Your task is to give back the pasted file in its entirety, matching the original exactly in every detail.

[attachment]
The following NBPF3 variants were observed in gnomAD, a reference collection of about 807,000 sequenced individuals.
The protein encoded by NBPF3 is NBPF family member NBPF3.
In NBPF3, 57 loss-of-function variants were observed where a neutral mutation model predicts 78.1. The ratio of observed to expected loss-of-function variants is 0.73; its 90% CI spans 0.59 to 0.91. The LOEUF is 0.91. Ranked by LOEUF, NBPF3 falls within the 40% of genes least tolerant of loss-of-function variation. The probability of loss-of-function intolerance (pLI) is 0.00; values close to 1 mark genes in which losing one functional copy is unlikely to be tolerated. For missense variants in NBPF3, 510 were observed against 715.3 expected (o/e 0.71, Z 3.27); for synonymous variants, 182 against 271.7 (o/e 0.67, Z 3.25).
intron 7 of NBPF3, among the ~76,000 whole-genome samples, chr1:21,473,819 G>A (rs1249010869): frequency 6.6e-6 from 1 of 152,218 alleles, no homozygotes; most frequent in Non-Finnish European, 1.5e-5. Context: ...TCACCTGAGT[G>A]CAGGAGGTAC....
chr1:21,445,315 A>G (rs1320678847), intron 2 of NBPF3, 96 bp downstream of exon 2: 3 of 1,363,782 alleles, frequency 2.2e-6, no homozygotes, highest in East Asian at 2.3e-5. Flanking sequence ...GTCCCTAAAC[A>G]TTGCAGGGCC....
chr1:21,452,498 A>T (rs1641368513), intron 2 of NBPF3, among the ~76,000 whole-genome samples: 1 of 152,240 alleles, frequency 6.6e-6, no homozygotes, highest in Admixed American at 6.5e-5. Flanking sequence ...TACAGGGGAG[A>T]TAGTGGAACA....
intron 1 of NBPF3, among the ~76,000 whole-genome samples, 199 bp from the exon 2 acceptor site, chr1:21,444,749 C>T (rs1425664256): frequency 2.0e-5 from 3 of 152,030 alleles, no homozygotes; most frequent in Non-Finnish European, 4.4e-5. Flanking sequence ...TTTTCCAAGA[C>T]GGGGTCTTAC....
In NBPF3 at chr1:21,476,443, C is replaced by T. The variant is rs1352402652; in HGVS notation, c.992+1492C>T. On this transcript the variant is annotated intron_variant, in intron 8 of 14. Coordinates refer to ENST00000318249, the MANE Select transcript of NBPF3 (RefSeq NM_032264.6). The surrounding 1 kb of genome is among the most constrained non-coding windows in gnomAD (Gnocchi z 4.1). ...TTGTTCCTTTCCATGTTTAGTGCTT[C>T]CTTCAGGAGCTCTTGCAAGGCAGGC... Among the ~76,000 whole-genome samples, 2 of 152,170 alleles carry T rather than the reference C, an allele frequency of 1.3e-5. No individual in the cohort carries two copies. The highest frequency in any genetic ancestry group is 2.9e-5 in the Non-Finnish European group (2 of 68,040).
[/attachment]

The following NBPF3 variants were observed in gnomAD, a reference collection of about 807,000 sequenced individuals.
The protein encoded by NBPF3 is NBPF family member NBPF3.
In NBPF3, 57 loss-of-function variants were observed where a neutral mutation model predicts 78.1. The ratio of observed to expected loss-of-function variants is 0.73; its 90% CI spans 0.59 to 0.91. The LOEUF is 0.91. Ranked by LOEUF, NBPF3 falls within the 40% of genes least tolerant of loss-of-function variation. The probability of loss-of-function intolerance (pLI) is 0.00; values close to 1 mark genes in which losing one functional copy is unlikely to be tolerated. For missense variants in NBPF3, 510 were observed against 715.3 expected (o/e 0.71, Z 3.27); for synonymous variants, 182 against 271.7 (o/e 0.67, Z 3.25).
intron 7 of NBPF3, among the ~76,000 whole-genome samples, chr1:21,473,819 G>A (rs1249010869): frequency 6.6e-6 from 1 of 152,218 alleles, no homozygotes; most frequent in Non-Finnish European, 1.5e-5. Context: ...TCACCTGAGT[G>A]CAGGAGGTAC....
chr1:21,445,315 A>G (rs1320678847), intron 2 of NBPF3, 96 bp downstream of exon 2: 3 of 1,363,782 alleles, frequency 2.2e-6, no homozygotes, highest in East Asian at 2.3e-5. Flanking sequence ...GTCCCTAAAC[A>G]TTGCAGGGCC....
chr1:21,452,498 A>T (rs1641368513), intron 2 of NBPF3, among the ~76,000 whole-genome samples: 1 of 152,240 alleles, frequency 6.6e-6, no homozygotes, highest in Admixed American at 6.5e-5. Flanking sequence ...TACAGGGGAG[A>T]TAGTGGAACA....
intron 1 of NBPF3, among the ~76,000 whole-genome samples, 199 bp from the exon 2 acceptor site, chr1:21,444,749 C>T (rs1425664256): frequency 2.0e-5 from 3 of 152,030 alleles, no homozygotes; most frequent in Non-Finnish European, 4.4e-5. Flanking sequence ...TTTTCCAAGA[C>T]GGGGTCTTAC....
In NBPF3 at chr1:21,476,443, C is replaced by T. The variant is rs1352402652; in HGVS notation, c.992+1492C>T. On this transcript the variant is annotated intron_variant, in intron 8 of 14. Coordinates refer to ENST00000318249, the MANE Select transcript of NBPF3 (RefSeq NM_032264.6). The surrounding 1 kb of genome is among the most constrained non-coding windows in gnomAD (Gnocchi z 4.1). ...TTGTTCCTTTCCATGTTTAGTGCTT[C>T]CTTCAGGAGCTCTTGCAAGGCAGGC... Among the ~76,000 whole-genome samples, 2 of 152,170 alleles carry T rather than the reference C, an allele frequency of 1.3e-5. No individual in the cohort carries two copies. The highest frequency in any genetic ancestry group is 2.9e-5 in the Non-Finnish European group (2 of 68,040).